by Stephen Thomas Erlewine
She may be the daughter of a reverend, but Tori Amos never seemed the likeliest candidate for a Christmas album; she might sing about "God", but her music always seemed secular and never seasonal, but in a year that brought holiday albums by Bob Dylan and Sting, it makes perfect sense that Tori should deliver one, too. Amos' entry, Midwinter Graces, may be as unlikely as Dylan's, but it's closer in tenor to Sting's: it's deliberately reserved and chilly, capturing the wintriness of the season while studiously avoiding the joy. Tori reworks many familiar carols, tweaking lyrics and pushing them together into a medley, so they sound quite similar to the newly written tunes that comprise the rest of the record. Thanks to some familiar melodies, it can sometimes seem seasonally appropriate, but it always seems purely Tori, who has somehow managed to deliver an easy listening version of all her signatures in one tidy, not so-Christmasy, package.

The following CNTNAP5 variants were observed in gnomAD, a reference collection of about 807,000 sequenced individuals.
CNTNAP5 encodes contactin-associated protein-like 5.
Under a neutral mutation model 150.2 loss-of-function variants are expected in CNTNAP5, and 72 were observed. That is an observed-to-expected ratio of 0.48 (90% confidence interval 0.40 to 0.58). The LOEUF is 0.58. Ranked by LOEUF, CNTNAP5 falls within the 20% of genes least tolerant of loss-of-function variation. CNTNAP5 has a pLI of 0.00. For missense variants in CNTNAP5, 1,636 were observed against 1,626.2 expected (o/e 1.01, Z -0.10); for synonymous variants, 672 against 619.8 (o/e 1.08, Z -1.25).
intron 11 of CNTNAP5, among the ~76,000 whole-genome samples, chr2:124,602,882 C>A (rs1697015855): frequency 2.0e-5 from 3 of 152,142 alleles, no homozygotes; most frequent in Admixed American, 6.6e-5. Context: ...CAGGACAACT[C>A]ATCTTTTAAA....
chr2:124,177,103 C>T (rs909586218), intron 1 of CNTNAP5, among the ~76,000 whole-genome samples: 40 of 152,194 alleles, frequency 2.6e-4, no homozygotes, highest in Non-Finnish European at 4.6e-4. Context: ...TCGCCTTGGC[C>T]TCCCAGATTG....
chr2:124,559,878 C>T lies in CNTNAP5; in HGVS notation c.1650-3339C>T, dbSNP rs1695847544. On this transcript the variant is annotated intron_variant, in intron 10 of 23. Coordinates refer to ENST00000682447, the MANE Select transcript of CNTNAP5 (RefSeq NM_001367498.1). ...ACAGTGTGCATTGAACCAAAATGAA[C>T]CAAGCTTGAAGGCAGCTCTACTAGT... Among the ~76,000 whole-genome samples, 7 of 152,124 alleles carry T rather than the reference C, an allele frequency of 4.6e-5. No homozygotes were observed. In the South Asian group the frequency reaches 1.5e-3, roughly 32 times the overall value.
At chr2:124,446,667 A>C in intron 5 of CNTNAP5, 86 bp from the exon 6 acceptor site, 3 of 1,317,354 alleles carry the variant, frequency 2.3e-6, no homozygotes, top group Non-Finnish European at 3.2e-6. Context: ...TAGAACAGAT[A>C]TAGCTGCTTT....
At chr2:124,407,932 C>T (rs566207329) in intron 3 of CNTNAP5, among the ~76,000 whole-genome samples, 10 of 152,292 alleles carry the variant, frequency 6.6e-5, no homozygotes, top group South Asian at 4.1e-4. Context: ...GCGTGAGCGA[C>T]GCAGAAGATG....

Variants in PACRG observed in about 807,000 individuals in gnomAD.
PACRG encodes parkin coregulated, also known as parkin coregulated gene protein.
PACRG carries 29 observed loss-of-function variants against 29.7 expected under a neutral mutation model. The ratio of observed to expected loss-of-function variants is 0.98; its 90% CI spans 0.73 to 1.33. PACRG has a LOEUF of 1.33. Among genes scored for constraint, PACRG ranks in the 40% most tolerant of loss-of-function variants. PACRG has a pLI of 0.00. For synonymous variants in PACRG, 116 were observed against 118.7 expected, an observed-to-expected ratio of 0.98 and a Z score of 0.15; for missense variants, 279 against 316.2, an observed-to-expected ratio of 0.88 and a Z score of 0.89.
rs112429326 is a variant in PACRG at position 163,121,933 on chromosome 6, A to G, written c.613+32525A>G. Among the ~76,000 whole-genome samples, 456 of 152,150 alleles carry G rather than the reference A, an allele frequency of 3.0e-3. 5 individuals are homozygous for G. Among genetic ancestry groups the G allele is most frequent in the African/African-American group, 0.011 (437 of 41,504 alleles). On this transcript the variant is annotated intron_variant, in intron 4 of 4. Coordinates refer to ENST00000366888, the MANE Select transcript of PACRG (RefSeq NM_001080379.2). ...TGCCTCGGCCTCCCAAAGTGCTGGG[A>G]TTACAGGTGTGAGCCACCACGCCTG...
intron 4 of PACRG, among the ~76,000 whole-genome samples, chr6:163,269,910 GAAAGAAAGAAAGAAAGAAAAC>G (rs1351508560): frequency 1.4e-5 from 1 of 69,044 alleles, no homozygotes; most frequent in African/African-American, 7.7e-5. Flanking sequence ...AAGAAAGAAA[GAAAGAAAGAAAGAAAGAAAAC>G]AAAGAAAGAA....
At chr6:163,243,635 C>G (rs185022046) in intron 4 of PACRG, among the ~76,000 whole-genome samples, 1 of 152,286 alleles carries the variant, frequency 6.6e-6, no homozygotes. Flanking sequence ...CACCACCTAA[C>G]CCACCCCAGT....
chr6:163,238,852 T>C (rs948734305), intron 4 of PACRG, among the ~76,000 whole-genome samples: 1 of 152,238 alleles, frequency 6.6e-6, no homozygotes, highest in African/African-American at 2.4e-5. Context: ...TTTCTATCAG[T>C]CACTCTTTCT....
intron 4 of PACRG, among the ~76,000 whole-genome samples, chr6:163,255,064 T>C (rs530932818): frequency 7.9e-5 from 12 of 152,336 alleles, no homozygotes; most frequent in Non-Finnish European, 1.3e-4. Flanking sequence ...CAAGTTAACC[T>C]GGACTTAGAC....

Fonte: toriphorums e allmusic.